Twenty-four represents the number of years Millard Tydings served in the United States Senate
Millard Tydings (1890-1961) was a native of Havre de Grace, Maryland, a 1910 alumnus of the Maryland Agricultural College, and one of just two Terps to serve in the upper house of the federal legislature, a surprisingly low total given all of the Maryland grads that have graced the House of Representatives.
Tydings began his public service shortly after leaving school; he was elected to the Maryland General Assembly in 1916 and became speaker of the House of Delegates in 1920. By 1922, he had moved up to the state senate, but that same year, he was elected to Congress as the Representative of Maryland’s 2nd District. He remained in the House of Representatives until 1927, when he became one of Maryland’s senators, a job he would hold for the next quarter century.
Tydings arrived in the Senate just before the Great Depression swept the Republicans from power and inaugurated an unprecedented four-term presidency for Franklin Roosevelt of Tydings’ Democratic Party. Tydings frequently sparred with the administration, however, because his fiscal conservatism led him to reject FDR’s New Deal. His independent thoughtfulness and willingness to buck the party line made Tydings an influential, if somewhat controversial, figure within the Capitol, where he was known as a “Titan” of the Senate. In 1934, he co-sponsored the Tydings-McDuffie Act, which laid the groundwork for the eventual independence of the Philippine Islands. A similar effort he undertook to grant Puerto Rico independence in 1936 was not successful.
As a member of the Foreign Relations Committee, Tydings was called to chair an investigatory subcommittee to substantiate the claims of Senator Joseph McCarthy that Communists loyal to the Soviet Union had infiltrated all levels of the State Department. Despite his famed opposition to the liberals in his own party, Senator Tydings took a principled stand against the Red Scare and McCarthy’s Communist witch hunt, a position that would ultimately prove his undoing. During his 1950 reelection campaign, Tydings’ opponents (assisted by McCarthy himself) smeared the Maryland senator as a red agent and a friend to the American Communist Party. His apparent softness on Communism did not fit the mood of Tydings’ constituents in 1950, and he lost the election to his Republican opponent.
When his old Senate seat was next up for reelection in 1956, Tydings initially entered the fray before withdrawing from the race due to poor health. He died in 1961 at his Oakington home, near Havre de Grace. Millard Tydings was survived by his wife Eleanor and his adopted son Joseph from his wife’s first marriage. Joseph Tydings followed in his father’s footsteps, graduating from the University of Maryland in 1951 and becoming the only other Terrapin to serve in the U.S. Senate when he won a single six-year term in office from 1965 to 1971.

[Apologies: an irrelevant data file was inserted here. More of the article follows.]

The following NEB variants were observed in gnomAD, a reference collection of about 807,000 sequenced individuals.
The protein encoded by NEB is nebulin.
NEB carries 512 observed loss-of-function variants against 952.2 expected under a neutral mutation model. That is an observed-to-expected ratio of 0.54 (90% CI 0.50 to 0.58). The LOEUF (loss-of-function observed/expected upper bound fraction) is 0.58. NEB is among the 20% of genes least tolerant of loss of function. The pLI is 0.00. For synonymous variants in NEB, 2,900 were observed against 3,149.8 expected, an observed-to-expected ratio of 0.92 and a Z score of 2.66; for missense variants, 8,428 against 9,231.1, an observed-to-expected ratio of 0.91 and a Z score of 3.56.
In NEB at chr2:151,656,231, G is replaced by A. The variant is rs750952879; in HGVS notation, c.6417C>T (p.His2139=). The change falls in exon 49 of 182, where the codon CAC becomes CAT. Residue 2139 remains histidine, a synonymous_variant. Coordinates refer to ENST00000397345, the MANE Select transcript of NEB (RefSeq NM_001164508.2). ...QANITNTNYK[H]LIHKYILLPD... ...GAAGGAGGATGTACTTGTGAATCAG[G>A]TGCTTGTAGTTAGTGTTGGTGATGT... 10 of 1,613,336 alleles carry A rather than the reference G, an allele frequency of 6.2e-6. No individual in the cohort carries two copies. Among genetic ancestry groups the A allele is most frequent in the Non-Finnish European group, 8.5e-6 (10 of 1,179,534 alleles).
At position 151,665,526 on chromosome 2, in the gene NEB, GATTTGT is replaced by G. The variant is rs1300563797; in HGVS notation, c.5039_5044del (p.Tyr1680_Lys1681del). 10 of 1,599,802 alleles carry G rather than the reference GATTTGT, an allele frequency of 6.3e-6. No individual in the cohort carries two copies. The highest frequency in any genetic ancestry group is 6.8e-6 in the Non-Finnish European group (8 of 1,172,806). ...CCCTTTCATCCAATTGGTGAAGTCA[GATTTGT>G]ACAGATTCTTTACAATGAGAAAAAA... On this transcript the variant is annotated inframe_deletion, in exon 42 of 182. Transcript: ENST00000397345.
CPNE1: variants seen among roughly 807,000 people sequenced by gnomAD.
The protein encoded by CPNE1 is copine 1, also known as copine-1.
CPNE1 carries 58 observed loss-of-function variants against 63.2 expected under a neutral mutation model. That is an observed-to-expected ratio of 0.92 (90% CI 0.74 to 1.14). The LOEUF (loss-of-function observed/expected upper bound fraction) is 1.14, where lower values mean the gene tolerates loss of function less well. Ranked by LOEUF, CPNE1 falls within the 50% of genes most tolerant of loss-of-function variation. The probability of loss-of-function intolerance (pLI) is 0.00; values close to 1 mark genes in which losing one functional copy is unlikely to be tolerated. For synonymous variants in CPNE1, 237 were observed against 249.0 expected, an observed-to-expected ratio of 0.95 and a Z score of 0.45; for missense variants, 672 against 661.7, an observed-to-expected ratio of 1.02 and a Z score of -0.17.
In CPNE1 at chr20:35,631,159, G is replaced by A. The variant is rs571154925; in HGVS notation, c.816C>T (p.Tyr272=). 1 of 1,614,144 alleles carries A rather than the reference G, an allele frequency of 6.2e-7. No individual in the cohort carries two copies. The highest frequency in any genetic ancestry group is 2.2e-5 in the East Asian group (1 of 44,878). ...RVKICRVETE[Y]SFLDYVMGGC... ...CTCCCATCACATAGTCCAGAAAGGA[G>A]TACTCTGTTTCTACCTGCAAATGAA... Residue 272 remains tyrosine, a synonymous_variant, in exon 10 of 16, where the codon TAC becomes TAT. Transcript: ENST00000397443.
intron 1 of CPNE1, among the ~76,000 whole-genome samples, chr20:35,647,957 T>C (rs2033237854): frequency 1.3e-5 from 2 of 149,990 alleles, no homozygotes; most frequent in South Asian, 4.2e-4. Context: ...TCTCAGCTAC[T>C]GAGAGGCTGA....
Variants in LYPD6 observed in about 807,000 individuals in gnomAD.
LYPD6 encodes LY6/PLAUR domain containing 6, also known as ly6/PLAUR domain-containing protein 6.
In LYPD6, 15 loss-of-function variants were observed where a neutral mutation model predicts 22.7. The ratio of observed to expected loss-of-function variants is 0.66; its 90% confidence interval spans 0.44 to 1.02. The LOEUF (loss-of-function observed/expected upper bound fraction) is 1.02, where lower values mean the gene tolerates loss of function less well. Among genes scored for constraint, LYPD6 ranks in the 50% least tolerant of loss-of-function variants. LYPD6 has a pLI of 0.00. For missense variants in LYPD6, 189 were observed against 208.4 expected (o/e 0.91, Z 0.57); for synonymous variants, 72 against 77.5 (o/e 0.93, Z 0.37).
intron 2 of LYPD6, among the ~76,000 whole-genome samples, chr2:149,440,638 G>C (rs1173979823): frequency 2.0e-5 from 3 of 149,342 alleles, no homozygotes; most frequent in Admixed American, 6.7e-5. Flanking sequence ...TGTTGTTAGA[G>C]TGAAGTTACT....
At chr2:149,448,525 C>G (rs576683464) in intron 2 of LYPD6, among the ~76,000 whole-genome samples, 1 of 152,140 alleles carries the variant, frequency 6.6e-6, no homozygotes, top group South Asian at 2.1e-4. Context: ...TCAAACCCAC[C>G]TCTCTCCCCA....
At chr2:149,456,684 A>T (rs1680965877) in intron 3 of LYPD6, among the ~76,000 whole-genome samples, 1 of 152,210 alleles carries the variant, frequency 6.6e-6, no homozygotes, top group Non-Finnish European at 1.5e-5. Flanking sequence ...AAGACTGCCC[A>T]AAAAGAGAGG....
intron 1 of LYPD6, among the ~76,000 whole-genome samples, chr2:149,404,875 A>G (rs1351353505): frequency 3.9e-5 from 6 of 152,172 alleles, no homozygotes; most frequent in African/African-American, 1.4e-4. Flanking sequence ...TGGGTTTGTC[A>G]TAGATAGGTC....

In 1969, Millard Tydings was immortalized by his alma mater when the University of Maryland named its Business and Public Administration building after him. Appropriately enough, today Tydings Hall is home to the Government and Politics department, among others, and you can see some memorabilia relating to the university’s only two U.S. senators within its walls.
For more information about Millard and Joseph Tydings, visit the Maryland Room at Hornbake Library to request materials from the Special Collections and University Archives! You can preview the collections via their respective findings aids: here (for Millard) and here (for Joseph).
(The featured image for this post shows Senator Millard Tydings standing over the left shoulder of President Franklin Roosevelt as he signs the 1934 Tydings-McDuffie Act).
This is a post in our series on Terrapin Tales called UMD123! Similar to our “ABC’s of UMD” series in fall 2015, posts in this series will take a look at the university’s history “by the numbers.” New posts will come out twice a month throughout the summer; on the Terrapin Tales blog, search “UMD123” or use the UMD123 tag. You can also check out Twitter#UMD123. If you want to learn more about campus history, you can also visit our encyclopedia University of Maryland A to Z: MAC to Millennium for more UMD facts.